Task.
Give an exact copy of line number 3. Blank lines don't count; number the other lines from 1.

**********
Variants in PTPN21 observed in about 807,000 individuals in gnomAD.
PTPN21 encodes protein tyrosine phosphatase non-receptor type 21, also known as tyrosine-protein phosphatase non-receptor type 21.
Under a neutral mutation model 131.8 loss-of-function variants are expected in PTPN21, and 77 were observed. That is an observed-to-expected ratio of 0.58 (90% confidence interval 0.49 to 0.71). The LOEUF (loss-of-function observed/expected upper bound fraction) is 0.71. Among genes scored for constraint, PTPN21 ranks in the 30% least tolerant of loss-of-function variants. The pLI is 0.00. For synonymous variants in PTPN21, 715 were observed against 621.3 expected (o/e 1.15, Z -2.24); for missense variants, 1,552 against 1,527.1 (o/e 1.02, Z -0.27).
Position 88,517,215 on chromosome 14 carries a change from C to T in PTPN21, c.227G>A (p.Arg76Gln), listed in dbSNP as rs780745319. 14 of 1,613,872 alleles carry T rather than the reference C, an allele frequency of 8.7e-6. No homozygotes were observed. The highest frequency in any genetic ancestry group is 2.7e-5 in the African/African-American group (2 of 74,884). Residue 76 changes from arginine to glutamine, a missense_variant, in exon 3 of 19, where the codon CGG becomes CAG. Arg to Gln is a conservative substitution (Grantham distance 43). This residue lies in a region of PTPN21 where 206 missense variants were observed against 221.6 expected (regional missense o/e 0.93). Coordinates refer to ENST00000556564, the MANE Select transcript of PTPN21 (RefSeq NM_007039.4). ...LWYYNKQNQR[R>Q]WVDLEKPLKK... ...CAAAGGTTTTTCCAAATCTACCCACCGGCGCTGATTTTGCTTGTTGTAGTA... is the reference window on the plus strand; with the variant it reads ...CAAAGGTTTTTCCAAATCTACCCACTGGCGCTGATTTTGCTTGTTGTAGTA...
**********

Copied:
Under a neutral mutation model 131.8 loss-of-function variants are expected in PTPN21, and 77 were observed. That is an observed-to-expected ratio of 0.58 (90% confidence interval 0.49 to 0.71). The LOEUF (loss-of-function observed/expected upper bound fraction) is 0.71. Among genes scored for constraint, PTPN21 ranks in the 30% least tolerant of loss-of-function variants. The pLI is 0.00. For synonymous variants in PTPN21, 715 were observed against 621.3 expected (o/e 1.15, Z -2.24); for missense variants, 1,552 against 1,527.1 (o/e 1.02, Z -0.27).